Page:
Hydrological transformation coincided with megafaunal extinction in central Australia

Cohen, Tim J., Jansen, John D., Gliganic, Luke A., Larsen, Joshua R., Nanson, Gerald C., May, Jan-Hendrik, Jones, Brian G. and Price, David M. (2015) Hydrological transformation coincided with megafaunal extinction in central Australia. Geology, 43 3: 195-198. doi:10.1130/G36346.1

Author Cohen, Tim J.
Jansen, John D.
Gliganic, Luke A.
Larsen, Joshua R.
Nanson, Gerald C.
May, Jan-Hendrik
Jones, Brian G.
Price, David M.
Title Hydrological transformation coincided with megafaunal extinction in central Australia
Journal name Geology   Check publisher's open access policy
ISSN 1943-2682
Publication date 2015-03
Year available 2015
Sub-type Article (original research)
DOI 10.1130/G36346.1
Open Access Status
Volume 43
Issue 3
Start page 195
End page 198
Total pages 4
Place of publication Boulder, CO United States
Publisher Geological Society of America
Collection year 2016
Language eng
Formatted abstract
Central to the debate over the extinction of many of Australia’s last surviving megafauna is the question: Was climate changing significantly when humans arrived and megafauna went extinct? Here we present a new perspective on variations in climate and water resources over the last glacial cycle in arid Australia based on the study of the continent’s largest lake basin and its tributaries. By dating paleoshorelines and river deposits in the Lake Eyre basin, we show that major hydrological change caused previously overflowing megalakes to enter a final and catastrophic drying phase at 48 ± 2 ka just as the giant bird, Genyornis newtoni, went extinct (50–45 ka). The disappearance of Genyornis and other megafauna has been previously attributed to “ecosystem collapse” coincident with the spread of fire-wielding humans. Our findings suggest a climate-driven hydrological transformation in the critical window of human arrival and megafaunal extinction, and the results call for a re-evaluation of a human-mediated cause for such extinctions in arid Australia.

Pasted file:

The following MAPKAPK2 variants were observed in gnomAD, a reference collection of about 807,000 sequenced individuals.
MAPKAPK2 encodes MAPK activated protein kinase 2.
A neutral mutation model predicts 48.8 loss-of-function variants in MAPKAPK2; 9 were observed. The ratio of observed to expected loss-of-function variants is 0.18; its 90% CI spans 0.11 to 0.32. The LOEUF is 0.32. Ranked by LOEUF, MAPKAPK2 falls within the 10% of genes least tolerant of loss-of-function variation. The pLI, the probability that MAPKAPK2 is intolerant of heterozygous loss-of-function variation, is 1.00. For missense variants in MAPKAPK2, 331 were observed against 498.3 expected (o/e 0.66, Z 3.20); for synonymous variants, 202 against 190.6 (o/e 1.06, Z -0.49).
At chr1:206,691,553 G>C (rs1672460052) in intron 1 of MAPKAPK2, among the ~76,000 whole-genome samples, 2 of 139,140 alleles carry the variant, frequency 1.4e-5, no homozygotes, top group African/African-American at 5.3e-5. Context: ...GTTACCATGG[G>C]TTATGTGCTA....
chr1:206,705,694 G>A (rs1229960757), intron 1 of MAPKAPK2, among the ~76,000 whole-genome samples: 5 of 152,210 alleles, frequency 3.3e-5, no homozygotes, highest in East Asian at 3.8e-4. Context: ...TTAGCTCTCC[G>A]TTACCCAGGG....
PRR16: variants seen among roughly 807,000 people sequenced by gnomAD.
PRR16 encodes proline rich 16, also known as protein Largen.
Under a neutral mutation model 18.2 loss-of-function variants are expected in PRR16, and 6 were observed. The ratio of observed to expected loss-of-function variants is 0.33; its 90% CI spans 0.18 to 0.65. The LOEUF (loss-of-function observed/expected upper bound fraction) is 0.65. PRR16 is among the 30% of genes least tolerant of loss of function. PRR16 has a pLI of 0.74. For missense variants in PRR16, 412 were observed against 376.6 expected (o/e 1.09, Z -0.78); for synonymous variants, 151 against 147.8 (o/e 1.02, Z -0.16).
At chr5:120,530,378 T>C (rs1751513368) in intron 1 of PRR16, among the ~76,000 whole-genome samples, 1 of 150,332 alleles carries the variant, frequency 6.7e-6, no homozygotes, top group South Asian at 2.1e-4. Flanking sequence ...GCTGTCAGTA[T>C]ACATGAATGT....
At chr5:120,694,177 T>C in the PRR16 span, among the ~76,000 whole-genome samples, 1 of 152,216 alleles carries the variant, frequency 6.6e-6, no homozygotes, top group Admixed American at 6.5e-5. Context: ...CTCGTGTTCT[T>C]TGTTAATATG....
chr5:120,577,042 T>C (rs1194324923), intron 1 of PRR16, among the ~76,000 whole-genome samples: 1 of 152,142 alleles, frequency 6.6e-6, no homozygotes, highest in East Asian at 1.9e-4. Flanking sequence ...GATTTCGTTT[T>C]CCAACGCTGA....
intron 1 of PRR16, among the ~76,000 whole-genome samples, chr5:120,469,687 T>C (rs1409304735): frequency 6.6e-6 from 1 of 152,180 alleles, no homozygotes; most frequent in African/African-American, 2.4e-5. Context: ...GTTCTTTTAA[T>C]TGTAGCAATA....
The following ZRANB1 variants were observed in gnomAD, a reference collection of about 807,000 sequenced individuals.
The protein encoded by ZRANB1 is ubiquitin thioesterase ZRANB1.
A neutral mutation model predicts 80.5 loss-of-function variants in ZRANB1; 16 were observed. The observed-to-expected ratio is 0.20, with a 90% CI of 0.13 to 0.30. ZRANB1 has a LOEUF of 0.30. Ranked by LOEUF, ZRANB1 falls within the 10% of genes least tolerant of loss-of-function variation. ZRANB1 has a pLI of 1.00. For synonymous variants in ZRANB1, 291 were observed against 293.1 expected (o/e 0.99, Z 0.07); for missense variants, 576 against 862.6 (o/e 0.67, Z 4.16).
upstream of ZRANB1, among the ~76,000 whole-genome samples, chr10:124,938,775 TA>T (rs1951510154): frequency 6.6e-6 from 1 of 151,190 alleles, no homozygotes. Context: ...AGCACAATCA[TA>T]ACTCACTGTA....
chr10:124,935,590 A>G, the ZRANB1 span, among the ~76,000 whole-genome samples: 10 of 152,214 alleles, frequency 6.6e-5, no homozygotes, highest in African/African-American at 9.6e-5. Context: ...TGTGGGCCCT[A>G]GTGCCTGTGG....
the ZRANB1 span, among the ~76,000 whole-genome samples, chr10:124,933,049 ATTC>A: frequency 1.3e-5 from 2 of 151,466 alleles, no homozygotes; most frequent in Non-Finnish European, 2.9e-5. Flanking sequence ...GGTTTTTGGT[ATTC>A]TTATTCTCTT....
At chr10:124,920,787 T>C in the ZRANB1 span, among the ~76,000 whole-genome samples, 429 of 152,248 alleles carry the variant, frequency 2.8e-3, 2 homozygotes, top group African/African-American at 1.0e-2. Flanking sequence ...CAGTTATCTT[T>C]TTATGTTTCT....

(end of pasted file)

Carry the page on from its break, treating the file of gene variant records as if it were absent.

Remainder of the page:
Q-Index Code C1
Q-Index Status Confirmed Code
Institutional Status UQ

Document type: Journal Article
Sub-type: Article (original research)
Collections: School of Geography, Planning and Environmental Management Publications
Official 2016 Collection
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Citation counts: TR Web of Science Citation Count  Cited 9 times in Thomson Reuters Web of Science Article | Citations
Scopus Citation Count Cited 9 times in Scopus Article | Citations
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Created: Fri, 06 Mar 2015, 21:37:12 EST by Joshua Larsen on behalf of School of Geography, Planning & Env Management